To move from the broader dimensions of the significance of the Chilean elections, from which I really do not think the local situation can or should be divorced, assessments of the FRAP and Mr. Allende are of course critical. Ernst Halperin had done the best recent study of the Communists and Socialists in Chile that I have read (it is entitled Sino-Cuban Trends: The Case of Chile—Tom Hughes’ people have it). One gains the impression in Chile that the Socialists are more intellectually inclined and not as tough-minded or as well organized as the Communists who constitute the dominant element in the FRAP. They are, incredibly enough, often more left than the local Communist Party, are less addicted to the via pacifica and are rather admiring of China.
Allende is a good vote getter, but does not seem to be a man of outstanding ability, courage or intelligence. Although many here maintain that once in power Allende would control or break with the Communists, the evidence is that he has made strong public and private commitments to them (nationalization of the copper mines, Cabinet membership, etc.) and has a long history of unmarred relations with them (dating from 1951). Given the stakes, it is really difficult to see how the outside as well as the local Communists would readily surrender their considerable financial and other investments in an Allende victory. Nor would Allende, given a thin margin of victory at best together with his personal qualities, be likely to be an independent— a la Castro. He might adorn his administration with as many respectable trappings as possible—pacts with the Radicals, and, less likely but still possible, with the left wing of the PDC. Beneath the dress, however, the heart of the matter should I think be regarded as heavily Communist-influenced, unless there were an accompanying open break with the Communists or similar clear evidence that Allende had chosen a course not hostile to us. I should be inclined to view ambivalence on his part negatively, for little in his past appears to warrant giving him the benefit of a doubt in view of his Communist alliance.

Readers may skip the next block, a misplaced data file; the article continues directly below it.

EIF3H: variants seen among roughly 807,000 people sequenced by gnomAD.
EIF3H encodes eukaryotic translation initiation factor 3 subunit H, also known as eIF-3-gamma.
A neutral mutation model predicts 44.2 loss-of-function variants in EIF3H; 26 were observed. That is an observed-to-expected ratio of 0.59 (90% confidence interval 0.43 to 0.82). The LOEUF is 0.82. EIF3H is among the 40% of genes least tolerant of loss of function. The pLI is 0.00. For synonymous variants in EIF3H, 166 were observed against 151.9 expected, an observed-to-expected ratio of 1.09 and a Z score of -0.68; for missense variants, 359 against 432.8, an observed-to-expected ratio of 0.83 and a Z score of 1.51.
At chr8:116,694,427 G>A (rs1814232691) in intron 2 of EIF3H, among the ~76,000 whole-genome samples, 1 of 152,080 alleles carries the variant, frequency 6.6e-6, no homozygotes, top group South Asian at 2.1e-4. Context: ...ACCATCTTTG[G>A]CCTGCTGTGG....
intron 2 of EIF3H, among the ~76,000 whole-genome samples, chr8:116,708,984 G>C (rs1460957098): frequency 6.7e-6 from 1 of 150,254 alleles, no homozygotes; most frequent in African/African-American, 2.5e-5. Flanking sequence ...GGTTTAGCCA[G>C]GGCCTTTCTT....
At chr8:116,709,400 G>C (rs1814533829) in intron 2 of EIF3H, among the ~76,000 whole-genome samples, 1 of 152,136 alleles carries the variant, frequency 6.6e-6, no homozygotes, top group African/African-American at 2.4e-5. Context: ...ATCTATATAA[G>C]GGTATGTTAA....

An Allende victory would constitute a defeat for US policy. It probably would be accompanied by alarms from the U.S. press and business interests, inevitably justified by Castro crowing and Soviet needling of the Chinese. As a practical matter, whatever our assessment of the significance of an Allende victory, we may find our maneuverability the day after the election (results are known rapidly here) severely circumscribed. (I have often thought that the real tragedy for us of Castro’s having embraced the Marxist, rather than our, world lay in the limitations now placed upon the flexibility of US policy toward situations which superficially resemble that of Cuba.) Another [Page 579] “Castro” in the Hemisphere, particularly one who achieved power through the democratic process in a country where we have invested the highest rate of per capita assistance, would be awfully tough to handle from both the international and domestic standpoints. This would clearly be a case where one and one totalled much more than two and the consequences throughout the Hemisphere of a second Castro would be serious. I would hope that we would, nevertheless, be able to avoid precipitate action and to retain enough flexibility to encompass the possibility that Allende unexpectedly might decide to steer his course in our direction either voluntarily or as a result of our margin of influence. The risks of a policy on our part which appears to accept Allende, however, could I think only be justified by expectations based on something much more concrete than a general notion that good-will on our part will engender a similar response.
You may imagine how pleased I am to be here and to have the opportunity to chew on this problem with very competent colleagues. I hope the foregoing has not needlessly taken too much time out of your busy day.
With warm regards.